21 Aug 2015
When I moved into a short-term apartment in January, my then-roommate had an espresso machine, a gorgeous Breville BES900XL. He taught me how to use it, and I immediately fell in love with making cappuccinos in the morning. My roommate knew all about the different types of art, and taught me how to froth the milk and make a simple tree shape. It’s trickier than it looks, and most of the time I would under-froth or over-froth the milk and pour it too fast or slow, yielding nothing at all or a vaguely-misshapen blob if I was lucky.
I kept at it, making myself a cappuccino every morning - it’s a very relaxing morning ritual, and fun to try and improve a bit every day. I moved into my current apartment several months later, and of course the first thing I bought is a shiny new Breville BES900XL. Fast forward to now - I’ve been making a cappuccino more or less once a day, and I recently got frustrated because, for the most part I still suck at latte art. I can pretty reliably produce misshapen blobs, or even something that looks like it was done on purpose, but I’m far from whatever your average barista can do easily. I thought to myself, “how is this possible? I’ve been making drinks and practicing every day for 7 months, but I’m still not that much better than when I started out”.
Practice is the operative keyword here. By one measure, I’ve been practicing drawing shapes with milk every day for 7 months and I still can barely produce anything. That’s embarrassing, and not a good sign god forbid I attempt something complex like programming. It’s a popular saying that the key to achieving mastery in some skill is practicing for 10,000 hours. Here I am marching towards my 10,000 hours but the outlook is not good. That’s because the other part of the saying is that you must practice correctly. I can sit and make cappuccinos the way I’ve been doing it for an infinite number of hours, but I’ve been doing it wrong every time and not improving from my mistakes - I certainly won’t magically become a master once I reach the 10k hour mark.
This is a silly example of course, and seems obvious. There’s no happy ending to this story - I still do mostly suck at latte art, but that’s because I haven’t sat down and invested the few minutes it takes to really get everything down properly - other things on my mind. However, it’s sometimes less obvious that you’re spending a bunch of time “practicing” some skill and racking up hours without becoming noticeably better.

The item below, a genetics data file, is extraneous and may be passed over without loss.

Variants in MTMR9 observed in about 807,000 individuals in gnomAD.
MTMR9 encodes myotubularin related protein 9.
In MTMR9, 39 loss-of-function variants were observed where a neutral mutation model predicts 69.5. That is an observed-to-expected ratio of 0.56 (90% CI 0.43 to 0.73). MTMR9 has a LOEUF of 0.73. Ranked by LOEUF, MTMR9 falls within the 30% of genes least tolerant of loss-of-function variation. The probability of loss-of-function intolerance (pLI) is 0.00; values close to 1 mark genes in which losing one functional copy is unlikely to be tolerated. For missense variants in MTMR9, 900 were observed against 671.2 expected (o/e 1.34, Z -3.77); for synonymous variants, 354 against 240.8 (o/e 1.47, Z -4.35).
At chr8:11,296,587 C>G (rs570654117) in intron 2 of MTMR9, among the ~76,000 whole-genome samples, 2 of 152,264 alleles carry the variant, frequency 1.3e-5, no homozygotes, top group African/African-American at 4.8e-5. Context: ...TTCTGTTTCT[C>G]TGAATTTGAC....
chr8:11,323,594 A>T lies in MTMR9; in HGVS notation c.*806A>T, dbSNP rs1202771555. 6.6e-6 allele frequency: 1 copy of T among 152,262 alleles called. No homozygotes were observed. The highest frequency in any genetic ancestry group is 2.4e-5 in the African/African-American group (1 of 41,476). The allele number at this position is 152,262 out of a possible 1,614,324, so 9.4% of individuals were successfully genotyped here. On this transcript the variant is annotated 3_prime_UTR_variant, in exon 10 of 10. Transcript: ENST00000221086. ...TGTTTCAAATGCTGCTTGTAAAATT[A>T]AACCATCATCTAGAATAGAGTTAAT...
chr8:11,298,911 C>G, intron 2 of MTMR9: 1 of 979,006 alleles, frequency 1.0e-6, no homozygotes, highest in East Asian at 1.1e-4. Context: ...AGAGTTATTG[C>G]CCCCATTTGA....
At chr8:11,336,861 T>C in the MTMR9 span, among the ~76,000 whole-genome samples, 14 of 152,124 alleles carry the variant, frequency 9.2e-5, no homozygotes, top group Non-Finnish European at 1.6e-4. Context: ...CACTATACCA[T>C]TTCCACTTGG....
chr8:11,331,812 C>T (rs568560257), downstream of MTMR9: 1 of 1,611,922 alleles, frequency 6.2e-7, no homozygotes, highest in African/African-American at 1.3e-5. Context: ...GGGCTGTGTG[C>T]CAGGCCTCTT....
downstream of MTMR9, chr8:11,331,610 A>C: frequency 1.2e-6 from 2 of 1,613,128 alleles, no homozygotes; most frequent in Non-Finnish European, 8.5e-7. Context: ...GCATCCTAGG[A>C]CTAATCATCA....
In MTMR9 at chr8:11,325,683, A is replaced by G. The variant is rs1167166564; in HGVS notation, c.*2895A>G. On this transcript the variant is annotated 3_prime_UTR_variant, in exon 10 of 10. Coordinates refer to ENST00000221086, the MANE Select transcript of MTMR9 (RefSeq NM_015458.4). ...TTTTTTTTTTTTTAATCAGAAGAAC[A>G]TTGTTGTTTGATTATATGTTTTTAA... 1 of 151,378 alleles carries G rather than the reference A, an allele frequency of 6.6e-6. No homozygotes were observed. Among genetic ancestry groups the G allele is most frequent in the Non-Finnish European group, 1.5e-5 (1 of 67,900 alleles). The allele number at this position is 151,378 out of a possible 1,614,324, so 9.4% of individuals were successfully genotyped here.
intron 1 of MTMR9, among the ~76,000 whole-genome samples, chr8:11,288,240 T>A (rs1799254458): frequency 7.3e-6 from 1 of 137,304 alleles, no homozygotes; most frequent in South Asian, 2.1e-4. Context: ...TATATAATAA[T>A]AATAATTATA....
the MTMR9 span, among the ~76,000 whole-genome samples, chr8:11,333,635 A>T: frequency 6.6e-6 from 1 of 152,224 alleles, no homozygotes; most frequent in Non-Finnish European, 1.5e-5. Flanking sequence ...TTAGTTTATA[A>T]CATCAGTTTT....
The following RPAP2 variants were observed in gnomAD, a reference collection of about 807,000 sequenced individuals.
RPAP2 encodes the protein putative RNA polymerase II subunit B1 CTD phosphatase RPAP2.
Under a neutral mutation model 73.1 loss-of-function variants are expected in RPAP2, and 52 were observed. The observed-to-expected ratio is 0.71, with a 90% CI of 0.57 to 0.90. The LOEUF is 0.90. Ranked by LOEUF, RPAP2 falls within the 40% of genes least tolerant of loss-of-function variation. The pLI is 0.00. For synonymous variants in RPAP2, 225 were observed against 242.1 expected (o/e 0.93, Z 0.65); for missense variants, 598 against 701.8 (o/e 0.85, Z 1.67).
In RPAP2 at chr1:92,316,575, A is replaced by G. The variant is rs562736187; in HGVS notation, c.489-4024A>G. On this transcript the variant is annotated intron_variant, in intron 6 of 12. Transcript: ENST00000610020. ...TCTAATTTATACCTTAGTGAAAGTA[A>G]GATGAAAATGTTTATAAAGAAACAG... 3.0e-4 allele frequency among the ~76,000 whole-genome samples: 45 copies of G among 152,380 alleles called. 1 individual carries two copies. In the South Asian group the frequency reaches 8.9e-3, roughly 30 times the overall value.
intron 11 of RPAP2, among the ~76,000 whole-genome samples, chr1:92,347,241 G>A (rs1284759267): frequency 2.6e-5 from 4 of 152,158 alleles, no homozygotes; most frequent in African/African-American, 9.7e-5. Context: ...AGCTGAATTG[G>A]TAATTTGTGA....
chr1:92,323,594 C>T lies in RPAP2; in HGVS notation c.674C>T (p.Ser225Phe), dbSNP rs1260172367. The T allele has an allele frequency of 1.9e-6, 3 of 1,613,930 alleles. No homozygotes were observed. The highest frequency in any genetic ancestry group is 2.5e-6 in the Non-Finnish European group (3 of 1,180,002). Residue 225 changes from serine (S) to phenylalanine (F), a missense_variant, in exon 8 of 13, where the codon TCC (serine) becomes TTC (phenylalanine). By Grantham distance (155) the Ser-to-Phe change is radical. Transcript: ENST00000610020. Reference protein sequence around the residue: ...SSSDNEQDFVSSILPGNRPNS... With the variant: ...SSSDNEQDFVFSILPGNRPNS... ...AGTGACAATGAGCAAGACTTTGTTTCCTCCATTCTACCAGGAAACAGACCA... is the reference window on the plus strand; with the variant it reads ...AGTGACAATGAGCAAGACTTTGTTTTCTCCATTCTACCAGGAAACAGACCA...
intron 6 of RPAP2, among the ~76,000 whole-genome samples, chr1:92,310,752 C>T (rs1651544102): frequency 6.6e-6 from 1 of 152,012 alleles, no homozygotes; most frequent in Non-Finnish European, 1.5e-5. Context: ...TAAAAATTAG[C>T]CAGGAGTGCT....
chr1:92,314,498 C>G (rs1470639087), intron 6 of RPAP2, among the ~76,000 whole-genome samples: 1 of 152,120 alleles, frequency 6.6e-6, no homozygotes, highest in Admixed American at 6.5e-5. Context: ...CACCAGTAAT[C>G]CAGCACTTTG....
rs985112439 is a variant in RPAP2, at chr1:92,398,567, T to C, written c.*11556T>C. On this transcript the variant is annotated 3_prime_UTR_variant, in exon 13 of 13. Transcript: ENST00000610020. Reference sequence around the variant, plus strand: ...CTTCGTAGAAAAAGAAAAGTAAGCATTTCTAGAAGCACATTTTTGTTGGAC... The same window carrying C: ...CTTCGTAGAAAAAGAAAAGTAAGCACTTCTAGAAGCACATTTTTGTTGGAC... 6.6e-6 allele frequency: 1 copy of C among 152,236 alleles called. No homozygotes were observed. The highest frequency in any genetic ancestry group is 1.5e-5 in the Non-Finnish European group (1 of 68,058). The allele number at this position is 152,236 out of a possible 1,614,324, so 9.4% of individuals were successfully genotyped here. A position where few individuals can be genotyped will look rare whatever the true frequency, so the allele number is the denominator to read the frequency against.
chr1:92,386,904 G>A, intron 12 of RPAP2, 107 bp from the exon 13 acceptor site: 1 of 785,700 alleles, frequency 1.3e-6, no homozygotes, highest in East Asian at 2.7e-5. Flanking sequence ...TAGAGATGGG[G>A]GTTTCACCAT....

In a previous life, I was a Rails developer, and indeed I wrote about it in depth. I enjoyed it immensely, but I’ve since left that field and never looked back, because despite having however many years of experience and studying under my belt, I felt like I had reached a plateau. I was shipping features every day, but one day’s code and designs were not discernibly more brilliant than the previous day’s or week’s, and the reading material I came across was mostly targeted at beginners. I was practicing every day and working towards that 10,000 hours but not really improving at the same rate.
To be clear, this is not a unique thing to Rails. Had I truly wanted to, I could have aggressively pursued the absolute cutting edge of the framework and pushed it and myself to their limits. Regardless, I decided that was no longer the career path I wanted to go down, so I joined a company where I hack on Clojure and hard data analytics / machine learning problems every day, and once more feel that I’m practicing correctly and heading down the road to mastery. Ask yourself if you’re practicing your craft correctly and meaningfully every day, and if you know how to make a latte bear get in touch!Tweet